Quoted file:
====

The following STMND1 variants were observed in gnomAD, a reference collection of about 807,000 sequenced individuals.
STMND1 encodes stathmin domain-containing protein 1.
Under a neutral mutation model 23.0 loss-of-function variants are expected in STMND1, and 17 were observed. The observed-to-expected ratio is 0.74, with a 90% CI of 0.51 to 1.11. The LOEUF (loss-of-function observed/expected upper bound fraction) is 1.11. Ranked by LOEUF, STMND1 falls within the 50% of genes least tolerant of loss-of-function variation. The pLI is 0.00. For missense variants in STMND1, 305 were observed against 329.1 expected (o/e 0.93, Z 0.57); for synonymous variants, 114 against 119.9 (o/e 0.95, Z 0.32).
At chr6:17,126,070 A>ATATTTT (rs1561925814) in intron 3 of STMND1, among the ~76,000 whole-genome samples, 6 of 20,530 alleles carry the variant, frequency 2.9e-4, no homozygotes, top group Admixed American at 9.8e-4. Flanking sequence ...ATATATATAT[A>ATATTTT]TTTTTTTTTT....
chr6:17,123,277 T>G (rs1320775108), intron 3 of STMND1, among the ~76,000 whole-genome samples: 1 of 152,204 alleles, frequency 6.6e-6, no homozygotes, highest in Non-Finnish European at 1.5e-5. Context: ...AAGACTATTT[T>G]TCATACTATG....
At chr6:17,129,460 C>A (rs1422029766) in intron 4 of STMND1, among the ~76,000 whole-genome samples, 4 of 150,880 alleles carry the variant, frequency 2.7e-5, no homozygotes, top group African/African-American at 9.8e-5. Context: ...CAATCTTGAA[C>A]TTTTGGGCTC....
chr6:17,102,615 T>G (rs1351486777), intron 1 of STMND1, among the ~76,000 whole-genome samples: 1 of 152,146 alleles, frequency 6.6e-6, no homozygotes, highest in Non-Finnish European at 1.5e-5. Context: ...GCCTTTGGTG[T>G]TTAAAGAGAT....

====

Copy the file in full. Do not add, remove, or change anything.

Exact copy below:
The following STMND1 variants were observed in gnomAD, a reference collection of about 807,000 sequenced individuals.
STMND1 encodes stathmin domain-containing protein 1.
Under a neutral mutation model 23.0 loss-of-function variants are expected in STMND1, and 17 were observed. The observed-to-expected ratio is 0.74, with a 90% CI of 0.51 to 1.11. The LOEUF (loss-of-function observed/expected upper bound fraction) is 1.11. Ranked by LOEUF, STMND1 falls within the 50% of genes least tolerant of loss-of-function variation. The pLI is 0.00. For missense variants in STMND1, 305 were observed against 329.1 expected (o/e 0.93, Z 0.57); for synonymous variants, 114 against 119.9 (o/e 0.95, Z 0.32).
At chr6:17,126,070 A>ATATTTT (rs1561925814) in intron 3 of STMND1, among the ~76,000 whole-genome samples, 6 of 20,530 alleles carry the variant, frequency 2.9e-4, no homozygotes, top group Admixed American at 9.8e-4. Flanking sequence ...ATATATATAT[A>ATATTTT]TTTTTTTTTT....
chr6:17,123,277 T>G (rs1320775108), intron 3 of STMND1, among the ~76,000 whole-genome samples: 1 of 152,204 alleles, frequency 6.6e-6, no homozygotes, highest in Non-Finnish European at 1.5e-5. Context: ...AAGACTATTT[T>G]TCATACTATG....
At chr6:17,129,460 C>A (rs1422029766) in intron 4 of STMND1, among the ~76,000 whole-genome samples, 4 of 150,880 alleles carry the variant, frequency 2.7e-5, no homozygotes, top group African/African-American at 9.8e-5. Context: ...CAATCTTGAA[C>A]TTTTGGGCTC....
chr6:17,102,615 T>G (rs1351486777), intron 1 of STMND1, among the ~76,000 whole-genome samples: 1 of 152,146 alleles, frequency 6.6e-6, no homozygotes, highest in Non-Finnish European at 1.5e-5. Context: ...GCCTTTGGTG[T>G]TTAAAGAGAT....